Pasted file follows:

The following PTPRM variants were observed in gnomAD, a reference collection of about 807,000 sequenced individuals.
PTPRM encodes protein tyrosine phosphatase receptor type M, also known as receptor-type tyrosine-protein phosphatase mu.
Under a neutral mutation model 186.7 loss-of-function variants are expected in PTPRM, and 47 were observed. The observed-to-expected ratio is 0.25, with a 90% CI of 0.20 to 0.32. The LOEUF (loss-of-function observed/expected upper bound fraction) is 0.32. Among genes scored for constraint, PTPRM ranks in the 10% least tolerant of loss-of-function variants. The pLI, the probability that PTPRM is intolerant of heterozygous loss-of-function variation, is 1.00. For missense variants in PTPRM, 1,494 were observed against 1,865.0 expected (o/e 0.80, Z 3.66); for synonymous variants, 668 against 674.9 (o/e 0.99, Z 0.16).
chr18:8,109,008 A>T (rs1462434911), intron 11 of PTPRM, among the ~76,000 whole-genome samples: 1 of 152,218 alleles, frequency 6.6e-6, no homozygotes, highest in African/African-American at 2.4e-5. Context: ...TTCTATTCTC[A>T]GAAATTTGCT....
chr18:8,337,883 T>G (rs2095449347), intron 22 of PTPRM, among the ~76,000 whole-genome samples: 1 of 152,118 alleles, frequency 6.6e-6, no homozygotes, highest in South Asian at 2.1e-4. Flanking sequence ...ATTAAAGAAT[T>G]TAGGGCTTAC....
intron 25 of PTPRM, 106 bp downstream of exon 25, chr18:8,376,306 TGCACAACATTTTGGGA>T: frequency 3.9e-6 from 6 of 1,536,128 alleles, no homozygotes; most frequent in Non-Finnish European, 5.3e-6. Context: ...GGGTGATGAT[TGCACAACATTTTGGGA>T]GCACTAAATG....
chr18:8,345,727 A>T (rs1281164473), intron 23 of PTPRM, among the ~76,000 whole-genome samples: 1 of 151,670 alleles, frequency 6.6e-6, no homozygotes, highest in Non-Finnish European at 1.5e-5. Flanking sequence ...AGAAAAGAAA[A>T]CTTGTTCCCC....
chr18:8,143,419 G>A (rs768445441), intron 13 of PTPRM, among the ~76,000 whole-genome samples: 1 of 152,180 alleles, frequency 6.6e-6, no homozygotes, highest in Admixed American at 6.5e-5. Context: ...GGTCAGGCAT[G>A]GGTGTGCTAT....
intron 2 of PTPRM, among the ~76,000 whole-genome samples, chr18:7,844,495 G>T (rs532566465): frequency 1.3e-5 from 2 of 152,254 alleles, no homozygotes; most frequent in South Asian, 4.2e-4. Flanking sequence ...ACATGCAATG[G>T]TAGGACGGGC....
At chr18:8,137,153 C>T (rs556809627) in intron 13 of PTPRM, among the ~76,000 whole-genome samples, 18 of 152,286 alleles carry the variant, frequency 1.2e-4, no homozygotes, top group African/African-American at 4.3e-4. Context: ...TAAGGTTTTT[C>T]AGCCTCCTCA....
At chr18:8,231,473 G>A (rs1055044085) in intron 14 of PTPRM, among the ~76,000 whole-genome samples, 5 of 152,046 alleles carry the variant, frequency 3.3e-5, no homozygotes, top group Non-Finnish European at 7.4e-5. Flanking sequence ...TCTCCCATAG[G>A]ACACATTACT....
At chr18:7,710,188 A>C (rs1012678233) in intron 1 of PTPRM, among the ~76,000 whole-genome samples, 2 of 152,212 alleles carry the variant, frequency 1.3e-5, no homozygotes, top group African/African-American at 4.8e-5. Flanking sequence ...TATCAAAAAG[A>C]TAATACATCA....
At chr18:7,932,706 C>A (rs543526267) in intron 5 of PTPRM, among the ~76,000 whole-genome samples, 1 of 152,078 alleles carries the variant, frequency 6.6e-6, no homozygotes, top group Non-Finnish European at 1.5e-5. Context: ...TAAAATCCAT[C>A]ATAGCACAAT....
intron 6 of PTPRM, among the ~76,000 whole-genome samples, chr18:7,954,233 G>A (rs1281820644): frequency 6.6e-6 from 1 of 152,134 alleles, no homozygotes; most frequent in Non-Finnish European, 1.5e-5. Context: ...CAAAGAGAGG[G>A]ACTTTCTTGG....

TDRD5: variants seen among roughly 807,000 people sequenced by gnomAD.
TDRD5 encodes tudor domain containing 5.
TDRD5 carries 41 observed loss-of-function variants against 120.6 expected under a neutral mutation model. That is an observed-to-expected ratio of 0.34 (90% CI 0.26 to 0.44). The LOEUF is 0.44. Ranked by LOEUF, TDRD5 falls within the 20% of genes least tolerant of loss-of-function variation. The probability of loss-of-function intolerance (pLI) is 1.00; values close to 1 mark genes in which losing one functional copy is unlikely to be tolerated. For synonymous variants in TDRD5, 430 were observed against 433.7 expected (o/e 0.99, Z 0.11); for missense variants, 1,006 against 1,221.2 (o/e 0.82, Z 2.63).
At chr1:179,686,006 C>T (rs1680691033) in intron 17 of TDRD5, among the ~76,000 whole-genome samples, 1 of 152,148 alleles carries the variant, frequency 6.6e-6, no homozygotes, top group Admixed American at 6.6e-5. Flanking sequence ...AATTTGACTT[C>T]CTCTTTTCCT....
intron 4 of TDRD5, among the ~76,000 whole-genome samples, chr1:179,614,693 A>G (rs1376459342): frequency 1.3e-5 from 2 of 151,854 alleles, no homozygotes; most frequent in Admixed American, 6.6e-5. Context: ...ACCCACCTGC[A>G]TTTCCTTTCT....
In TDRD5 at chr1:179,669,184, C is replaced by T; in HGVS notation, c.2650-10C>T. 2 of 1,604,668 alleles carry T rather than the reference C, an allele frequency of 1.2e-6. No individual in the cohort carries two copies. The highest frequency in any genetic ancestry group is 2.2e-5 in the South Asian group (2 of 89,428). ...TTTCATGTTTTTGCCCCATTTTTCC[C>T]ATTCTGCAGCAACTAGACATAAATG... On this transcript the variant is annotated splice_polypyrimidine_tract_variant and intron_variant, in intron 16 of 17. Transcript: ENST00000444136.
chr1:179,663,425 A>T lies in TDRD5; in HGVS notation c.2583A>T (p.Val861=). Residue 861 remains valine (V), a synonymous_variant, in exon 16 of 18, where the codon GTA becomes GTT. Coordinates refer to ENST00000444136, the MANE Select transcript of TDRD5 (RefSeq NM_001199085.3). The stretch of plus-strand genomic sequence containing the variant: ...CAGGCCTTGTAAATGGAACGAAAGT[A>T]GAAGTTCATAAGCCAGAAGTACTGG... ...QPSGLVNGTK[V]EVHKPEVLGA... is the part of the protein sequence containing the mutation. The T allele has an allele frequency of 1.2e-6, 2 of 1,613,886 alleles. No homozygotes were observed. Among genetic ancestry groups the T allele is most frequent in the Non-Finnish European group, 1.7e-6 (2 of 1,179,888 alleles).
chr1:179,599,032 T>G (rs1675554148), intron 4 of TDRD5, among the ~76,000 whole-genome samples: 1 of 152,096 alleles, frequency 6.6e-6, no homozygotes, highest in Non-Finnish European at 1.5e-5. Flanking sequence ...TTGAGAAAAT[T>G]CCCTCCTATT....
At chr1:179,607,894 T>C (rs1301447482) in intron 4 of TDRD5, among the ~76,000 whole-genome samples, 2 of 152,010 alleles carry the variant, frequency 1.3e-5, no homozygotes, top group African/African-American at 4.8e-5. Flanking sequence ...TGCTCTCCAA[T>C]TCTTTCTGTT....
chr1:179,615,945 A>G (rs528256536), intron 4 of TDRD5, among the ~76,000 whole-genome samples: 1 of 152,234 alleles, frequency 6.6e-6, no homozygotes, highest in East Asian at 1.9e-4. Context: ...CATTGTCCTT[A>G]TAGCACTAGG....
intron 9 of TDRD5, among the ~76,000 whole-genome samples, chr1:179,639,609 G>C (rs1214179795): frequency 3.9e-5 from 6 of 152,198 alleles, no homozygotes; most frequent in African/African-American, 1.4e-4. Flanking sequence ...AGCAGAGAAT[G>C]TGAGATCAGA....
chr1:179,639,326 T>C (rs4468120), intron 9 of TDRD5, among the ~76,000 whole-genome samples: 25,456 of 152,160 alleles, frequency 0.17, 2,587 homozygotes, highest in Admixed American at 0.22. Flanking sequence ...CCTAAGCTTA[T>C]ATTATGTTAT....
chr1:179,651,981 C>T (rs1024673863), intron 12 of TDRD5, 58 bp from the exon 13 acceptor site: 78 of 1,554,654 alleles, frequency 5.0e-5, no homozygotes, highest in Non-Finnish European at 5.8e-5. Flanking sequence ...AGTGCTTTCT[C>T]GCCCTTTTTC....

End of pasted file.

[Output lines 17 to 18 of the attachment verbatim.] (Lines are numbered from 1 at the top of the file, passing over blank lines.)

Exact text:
TDRD5 carries 41 observed loss-of-function variants against 120.6 expected under a neutral mutation model. That is an observed-to-expected ratio of 0.34 (90% CI 0.26 to 0.44). The LOEUF is 0.44. Ranked by LOEUF, TDRD5 falls within the 20% of genes least tolerant of loss-of-function variation. The probability of loss-of-function intolerance (pLI) is 1.00; values close to 1 mark genes in which losing one functional copy is unlikely to be tolerated. For synonymous variants in TDRD5, 430 were observed against 433.7 expected (o/e 0.99, Z 0.11); for missense variants, 1,006 against 1,221.2 (o/e 0.82, Z 2.63).
At chr1:179,686,006 C>T (rs1680691033) in intron 17 of TDRD5, among the ~76,000 whole-genome samples, 1 of 152,148 alleles carries the variant, frequency 6.6e-6, no homozygotes, top group Admixed American at 6.6e-5. Flanking sequence ...AATTTGACTT[C>T]CTCTTTTCCT....